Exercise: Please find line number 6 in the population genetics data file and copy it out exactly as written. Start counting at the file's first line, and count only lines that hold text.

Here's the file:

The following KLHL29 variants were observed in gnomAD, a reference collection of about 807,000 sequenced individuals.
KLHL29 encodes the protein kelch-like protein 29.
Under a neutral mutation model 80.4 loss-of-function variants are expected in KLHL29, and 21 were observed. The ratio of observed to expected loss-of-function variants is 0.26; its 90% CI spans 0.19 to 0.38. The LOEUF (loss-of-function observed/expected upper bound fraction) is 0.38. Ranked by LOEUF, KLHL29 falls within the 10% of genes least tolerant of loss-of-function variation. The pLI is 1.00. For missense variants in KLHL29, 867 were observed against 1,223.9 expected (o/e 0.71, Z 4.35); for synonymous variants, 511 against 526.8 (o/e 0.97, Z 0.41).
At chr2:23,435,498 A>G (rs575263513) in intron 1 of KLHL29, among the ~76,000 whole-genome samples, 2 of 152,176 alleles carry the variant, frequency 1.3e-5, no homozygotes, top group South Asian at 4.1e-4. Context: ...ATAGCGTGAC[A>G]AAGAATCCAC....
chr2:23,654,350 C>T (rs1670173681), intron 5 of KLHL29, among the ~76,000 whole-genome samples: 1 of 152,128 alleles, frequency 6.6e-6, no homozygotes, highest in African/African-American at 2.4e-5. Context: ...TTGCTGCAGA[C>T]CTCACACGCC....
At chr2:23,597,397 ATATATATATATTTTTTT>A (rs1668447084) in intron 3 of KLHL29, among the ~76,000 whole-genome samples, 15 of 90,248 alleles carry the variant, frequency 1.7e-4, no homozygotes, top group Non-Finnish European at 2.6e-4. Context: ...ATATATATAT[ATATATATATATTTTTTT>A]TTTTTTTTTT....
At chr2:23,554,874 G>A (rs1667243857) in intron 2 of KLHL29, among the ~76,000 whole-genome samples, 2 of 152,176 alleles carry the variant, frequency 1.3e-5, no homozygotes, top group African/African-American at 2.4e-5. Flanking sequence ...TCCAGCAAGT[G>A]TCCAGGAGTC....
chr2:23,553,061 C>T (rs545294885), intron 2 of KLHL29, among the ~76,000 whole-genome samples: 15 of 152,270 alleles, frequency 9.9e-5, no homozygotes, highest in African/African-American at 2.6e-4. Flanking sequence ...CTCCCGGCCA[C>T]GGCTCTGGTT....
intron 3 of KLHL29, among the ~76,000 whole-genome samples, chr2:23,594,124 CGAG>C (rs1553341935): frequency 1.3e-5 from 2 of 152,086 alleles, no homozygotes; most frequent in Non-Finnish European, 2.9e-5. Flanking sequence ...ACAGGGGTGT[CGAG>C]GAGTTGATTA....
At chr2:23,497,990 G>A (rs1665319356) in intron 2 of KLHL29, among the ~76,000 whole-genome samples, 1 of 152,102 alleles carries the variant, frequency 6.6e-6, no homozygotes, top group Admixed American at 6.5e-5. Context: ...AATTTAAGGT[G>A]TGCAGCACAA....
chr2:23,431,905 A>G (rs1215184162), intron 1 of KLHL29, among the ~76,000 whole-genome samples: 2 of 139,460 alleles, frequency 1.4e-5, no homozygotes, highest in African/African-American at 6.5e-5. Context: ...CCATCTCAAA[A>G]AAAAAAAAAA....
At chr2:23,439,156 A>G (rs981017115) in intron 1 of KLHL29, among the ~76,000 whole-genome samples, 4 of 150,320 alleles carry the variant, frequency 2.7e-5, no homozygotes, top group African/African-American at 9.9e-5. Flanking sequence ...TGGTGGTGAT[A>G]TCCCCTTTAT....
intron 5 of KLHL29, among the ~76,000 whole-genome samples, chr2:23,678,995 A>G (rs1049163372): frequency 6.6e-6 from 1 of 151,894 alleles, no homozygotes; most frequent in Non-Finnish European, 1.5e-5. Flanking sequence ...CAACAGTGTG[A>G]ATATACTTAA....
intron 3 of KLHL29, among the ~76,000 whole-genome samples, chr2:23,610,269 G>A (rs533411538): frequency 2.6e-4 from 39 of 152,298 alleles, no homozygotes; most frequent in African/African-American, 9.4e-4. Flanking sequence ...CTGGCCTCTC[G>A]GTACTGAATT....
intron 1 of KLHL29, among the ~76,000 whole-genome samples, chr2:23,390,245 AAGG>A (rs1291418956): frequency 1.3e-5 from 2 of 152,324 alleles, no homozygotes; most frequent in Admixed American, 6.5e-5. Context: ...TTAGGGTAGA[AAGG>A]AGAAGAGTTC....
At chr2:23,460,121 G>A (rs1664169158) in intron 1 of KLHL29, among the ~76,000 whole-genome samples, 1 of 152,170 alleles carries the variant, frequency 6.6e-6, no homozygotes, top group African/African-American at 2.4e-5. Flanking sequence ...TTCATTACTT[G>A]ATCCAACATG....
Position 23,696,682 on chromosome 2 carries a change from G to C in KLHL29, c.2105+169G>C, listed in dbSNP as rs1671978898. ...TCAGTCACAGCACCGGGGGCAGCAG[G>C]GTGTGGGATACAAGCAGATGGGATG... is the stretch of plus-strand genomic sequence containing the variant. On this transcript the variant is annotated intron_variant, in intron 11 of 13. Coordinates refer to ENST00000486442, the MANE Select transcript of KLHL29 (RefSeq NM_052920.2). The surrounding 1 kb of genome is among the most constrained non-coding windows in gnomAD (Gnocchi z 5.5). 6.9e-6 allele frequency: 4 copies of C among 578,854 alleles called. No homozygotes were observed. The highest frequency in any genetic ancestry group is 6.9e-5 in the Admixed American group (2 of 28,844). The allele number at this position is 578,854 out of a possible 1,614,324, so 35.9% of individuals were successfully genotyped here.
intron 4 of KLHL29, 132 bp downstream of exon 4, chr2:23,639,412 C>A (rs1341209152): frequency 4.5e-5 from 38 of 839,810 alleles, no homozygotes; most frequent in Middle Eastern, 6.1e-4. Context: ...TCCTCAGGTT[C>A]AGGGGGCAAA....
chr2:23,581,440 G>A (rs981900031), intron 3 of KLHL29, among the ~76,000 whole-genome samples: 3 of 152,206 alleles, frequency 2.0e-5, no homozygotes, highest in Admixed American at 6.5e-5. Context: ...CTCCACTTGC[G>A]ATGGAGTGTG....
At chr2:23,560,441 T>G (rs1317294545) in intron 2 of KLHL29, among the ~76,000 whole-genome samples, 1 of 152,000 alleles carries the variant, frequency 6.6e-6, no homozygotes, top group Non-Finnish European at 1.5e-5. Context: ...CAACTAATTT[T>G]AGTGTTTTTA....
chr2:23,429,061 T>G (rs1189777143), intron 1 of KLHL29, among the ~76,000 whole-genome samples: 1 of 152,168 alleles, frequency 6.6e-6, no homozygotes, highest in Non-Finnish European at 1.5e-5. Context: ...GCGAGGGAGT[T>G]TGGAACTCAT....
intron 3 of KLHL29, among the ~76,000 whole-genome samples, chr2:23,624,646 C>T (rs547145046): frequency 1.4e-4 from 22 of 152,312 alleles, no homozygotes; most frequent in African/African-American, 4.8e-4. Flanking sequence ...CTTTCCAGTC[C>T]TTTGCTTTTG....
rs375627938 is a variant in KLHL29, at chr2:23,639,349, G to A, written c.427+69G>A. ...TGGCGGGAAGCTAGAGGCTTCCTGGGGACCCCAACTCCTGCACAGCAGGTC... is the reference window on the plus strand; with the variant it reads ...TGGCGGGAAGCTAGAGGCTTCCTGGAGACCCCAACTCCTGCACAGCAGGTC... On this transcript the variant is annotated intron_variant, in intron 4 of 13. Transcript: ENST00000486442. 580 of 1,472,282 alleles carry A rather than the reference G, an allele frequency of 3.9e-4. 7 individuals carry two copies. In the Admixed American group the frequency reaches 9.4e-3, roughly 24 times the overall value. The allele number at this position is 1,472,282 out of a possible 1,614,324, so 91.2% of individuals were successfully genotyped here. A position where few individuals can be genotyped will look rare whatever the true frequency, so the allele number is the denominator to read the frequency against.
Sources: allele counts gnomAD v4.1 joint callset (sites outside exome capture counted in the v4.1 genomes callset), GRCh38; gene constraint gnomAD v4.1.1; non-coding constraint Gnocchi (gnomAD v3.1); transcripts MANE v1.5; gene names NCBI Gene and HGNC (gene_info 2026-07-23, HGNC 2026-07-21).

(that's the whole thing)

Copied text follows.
At chr2:23,597,397 ATATATATATATTTTTTT>A (rs1668447084) in intron 3 of KLHL29, among the ~76,000 whole-genome samples, 15 of 90,248 alleles carry the variant, frequency 1.7e-4, no homozygotes, top group Non-Finnish European at 2.6e-4. Context: ...ATATATATAT[ATATATATATATTTTTTT>A]TTTTTTTTTT....